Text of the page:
It has been a slow start to tornado season in Oklahoma (OK) and Kansas (KS), very much like last year. Last year's first Kansas tornadoes were on May 1, and Oklahoma's were on May 2. But this year's first tornadoes in both states (see images above) were a week ago on April 17 near Shattuck, OK (top image) and Wellington, KS (bottom image). These appeared to be due to mainly "landspout" processes (storm updraft stretching directly over a pre-existing wind shift boundary), rather than last year's supercell tornadoes on May 1 and May 2 when plentiful low-level wind shear was present over large areas.
The surface map setting at 3:00 pm CDT on April 17 (below) showed a stationary front present as a sharp wind shift over northwest OK into the northeast Texas (TX) panhandle:
This sharp boundary could be seen on high resolution visible satellite images at early to mid afternoon:
Radar reflectivity images from Amarillo showed a new storm developing on this boundary at 3:00 pm CDT in the northeast corner of the TX panhandle (1st image below), north of other storms farther to the south:
A radar image less than an hour later (middle image above) showed the same cell exploding with a red core. At this time (3:52 pm CDT), a rope-like tornado (not pictured) was on the ground northeast of Canadian TX, while new cells began to develop northeastward into OK along the boundary. The last radar image above at 4:49 pm CDT showed a supercell storm had developed in northwest OK on the boundary near Shattuck, where two tornadoes were occurring simultaneously (see the photo at the top of this post).
Although at least a couple of the storms in the northeast TX panhandle and northwest OK were supercells (storm rotation indicated on radar, but not shown here), my opinion is that the actual tornadoes were due mainly to "non-mesocyclone" or "landspout" processes, or at least that the tornadoes were a "hybrid" event (combining non-supercell and supercell processes). This is suggested by the SPC mesoanalysis images below at 3:00 pm CDT before the tornadoes:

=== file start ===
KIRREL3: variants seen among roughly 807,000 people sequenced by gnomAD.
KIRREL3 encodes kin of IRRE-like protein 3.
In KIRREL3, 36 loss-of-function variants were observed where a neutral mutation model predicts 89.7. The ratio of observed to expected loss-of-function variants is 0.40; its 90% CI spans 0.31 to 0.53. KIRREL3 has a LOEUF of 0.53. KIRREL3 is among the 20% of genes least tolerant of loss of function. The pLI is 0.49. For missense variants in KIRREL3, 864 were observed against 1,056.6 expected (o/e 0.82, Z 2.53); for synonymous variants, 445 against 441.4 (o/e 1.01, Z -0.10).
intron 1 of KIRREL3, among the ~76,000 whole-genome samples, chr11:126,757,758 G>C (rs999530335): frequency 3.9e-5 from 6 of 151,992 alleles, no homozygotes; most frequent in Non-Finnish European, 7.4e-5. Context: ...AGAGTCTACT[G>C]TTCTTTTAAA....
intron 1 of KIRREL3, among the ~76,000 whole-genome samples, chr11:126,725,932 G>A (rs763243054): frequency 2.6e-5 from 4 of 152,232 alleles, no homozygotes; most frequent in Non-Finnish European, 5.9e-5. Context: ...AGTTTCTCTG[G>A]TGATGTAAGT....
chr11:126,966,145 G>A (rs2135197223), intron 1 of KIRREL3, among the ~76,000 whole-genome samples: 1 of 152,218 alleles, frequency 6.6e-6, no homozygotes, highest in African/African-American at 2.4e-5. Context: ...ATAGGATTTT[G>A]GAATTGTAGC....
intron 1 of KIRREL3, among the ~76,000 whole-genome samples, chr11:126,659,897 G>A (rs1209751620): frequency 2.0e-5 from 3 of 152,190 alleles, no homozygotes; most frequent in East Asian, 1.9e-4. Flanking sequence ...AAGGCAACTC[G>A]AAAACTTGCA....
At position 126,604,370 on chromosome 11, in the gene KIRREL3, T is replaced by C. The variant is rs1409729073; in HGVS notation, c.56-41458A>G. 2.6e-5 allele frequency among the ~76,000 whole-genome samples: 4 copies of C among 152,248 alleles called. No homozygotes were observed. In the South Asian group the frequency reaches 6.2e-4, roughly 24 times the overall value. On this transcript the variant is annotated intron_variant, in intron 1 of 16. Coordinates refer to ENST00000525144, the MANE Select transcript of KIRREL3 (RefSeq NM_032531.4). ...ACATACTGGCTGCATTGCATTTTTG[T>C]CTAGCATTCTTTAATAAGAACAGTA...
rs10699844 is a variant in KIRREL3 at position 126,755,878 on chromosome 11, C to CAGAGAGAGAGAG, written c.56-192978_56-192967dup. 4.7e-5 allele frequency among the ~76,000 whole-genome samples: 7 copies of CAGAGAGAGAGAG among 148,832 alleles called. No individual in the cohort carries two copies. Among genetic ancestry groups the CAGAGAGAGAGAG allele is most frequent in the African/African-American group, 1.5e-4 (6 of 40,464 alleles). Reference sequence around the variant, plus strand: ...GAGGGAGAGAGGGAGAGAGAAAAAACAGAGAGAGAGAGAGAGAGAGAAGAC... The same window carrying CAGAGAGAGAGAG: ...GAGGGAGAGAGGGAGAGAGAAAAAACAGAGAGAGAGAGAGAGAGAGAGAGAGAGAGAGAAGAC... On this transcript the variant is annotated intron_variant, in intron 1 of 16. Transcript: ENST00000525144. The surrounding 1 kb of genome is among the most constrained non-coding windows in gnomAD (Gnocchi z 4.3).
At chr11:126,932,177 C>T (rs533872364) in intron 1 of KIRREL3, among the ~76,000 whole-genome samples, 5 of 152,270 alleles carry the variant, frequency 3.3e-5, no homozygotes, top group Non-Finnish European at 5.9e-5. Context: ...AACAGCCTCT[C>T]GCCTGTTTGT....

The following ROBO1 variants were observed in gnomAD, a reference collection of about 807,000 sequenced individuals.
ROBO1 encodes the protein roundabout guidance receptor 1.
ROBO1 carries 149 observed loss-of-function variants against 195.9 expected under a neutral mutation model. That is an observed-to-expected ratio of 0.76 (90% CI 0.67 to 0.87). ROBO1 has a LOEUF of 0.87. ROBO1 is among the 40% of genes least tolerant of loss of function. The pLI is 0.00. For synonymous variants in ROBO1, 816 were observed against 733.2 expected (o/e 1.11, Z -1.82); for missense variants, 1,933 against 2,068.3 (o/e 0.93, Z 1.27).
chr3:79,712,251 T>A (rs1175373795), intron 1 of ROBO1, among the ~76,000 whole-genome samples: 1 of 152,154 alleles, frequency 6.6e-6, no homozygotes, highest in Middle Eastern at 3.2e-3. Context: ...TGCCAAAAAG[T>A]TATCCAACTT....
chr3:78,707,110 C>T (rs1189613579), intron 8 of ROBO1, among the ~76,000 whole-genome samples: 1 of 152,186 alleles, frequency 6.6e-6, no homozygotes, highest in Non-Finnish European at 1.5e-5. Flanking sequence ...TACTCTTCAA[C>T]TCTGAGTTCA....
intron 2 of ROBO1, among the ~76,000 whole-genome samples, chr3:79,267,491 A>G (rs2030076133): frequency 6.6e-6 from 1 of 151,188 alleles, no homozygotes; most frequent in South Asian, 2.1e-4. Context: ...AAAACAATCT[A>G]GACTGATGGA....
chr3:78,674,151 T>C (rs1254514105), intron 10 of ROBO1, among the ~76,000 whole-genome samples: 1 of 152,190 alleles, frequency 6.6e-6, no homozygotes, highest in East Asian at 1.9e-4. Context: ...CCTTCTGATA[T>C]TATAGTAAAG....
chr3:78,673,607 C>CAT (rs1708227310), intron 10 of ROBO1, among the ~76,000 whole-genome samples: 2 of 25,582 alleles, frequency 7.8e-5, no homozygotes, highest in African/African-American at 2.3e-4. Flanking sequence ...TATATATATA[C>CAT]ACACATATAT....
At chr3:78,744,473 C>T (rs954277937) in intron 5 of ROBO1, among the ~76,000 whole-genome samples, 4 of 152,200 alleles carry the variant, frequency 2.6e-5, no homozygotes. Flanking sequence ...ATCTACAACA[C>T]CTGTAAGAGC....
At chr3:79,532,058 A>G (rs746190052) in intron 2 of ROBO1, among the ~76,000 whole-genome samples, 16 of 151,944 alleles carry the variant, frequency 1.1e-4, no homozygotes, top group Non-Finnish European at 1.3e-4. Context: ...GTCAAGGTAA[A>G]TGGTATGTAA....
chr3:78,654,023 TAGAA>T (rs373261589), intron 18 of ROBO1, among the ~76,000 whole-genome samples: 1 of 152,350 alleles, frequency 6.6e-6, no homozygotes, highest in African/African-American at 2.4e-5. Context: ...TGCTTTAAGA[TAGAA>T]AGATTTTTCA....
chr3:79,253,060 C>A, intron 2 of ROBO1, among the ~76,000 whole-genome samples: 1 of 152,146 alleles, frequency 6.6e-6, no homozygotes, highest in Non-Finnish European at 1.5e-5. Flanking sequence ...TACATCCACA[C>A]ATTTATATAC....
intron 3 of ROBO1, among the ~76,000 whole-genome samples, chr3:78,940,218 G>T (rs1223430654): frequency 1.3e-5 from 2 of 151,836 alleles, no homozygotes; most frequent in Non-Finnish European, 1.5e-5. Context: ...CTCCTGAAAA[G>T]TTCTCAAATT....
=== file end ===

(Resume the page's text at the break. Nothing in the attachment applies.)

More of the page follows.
These graphics clearly show the stationary front wind shift boundary in the surface vorticity field (blue analysis lines and thick black dashed line on 1st image), steep low-level lapse rates from surface heating (axis of red dots, 2nd image), and no low-level wind shear (storm-relative helicity or SRH, 3rd image) over the northwest OK and the TX panhandle where the tornadoes occurred during the following couple hours. These are all factors that relate to landspout tornado formation.
It's also interesting that a supercell farther south that moved into west-central OK (visible on the last two panels of the radar images shown earlier) did not produce any tornadoes, although it was later tornado-warned based on radar. This storm was within the warm sector and away from the stationary front. But, without the sharp boundary wind shift, it had no source for low-level vorticity ("spin") as a result of the lack of SRH (low-level wind shear) over western OK during the afternoon. (Low-level wind shear helps generate low-level rotation and mesocyclones that can give birth to supercell tornadoes.)
Here are a couple more images of one of the two tornadoes near Shattuck, OK between 4:30 and 5:00 pm CDT along the boundary (probably the tornado at right in the earlier photo):
And, essentially the same boundary also extended into south-central KS as a pre-frontal trough, helping to generate the landspout tornado pictured earlier near Wellington around 6:40 pm CDT.
Again, this case seems to be a good example of how landspout processes can produce multiple tornadoes via strong low-level stretching directly over a sharp wind shift boundary with little immediate temperature contrast (see here for another more prolific case).
Jon Davies - 4/24/19
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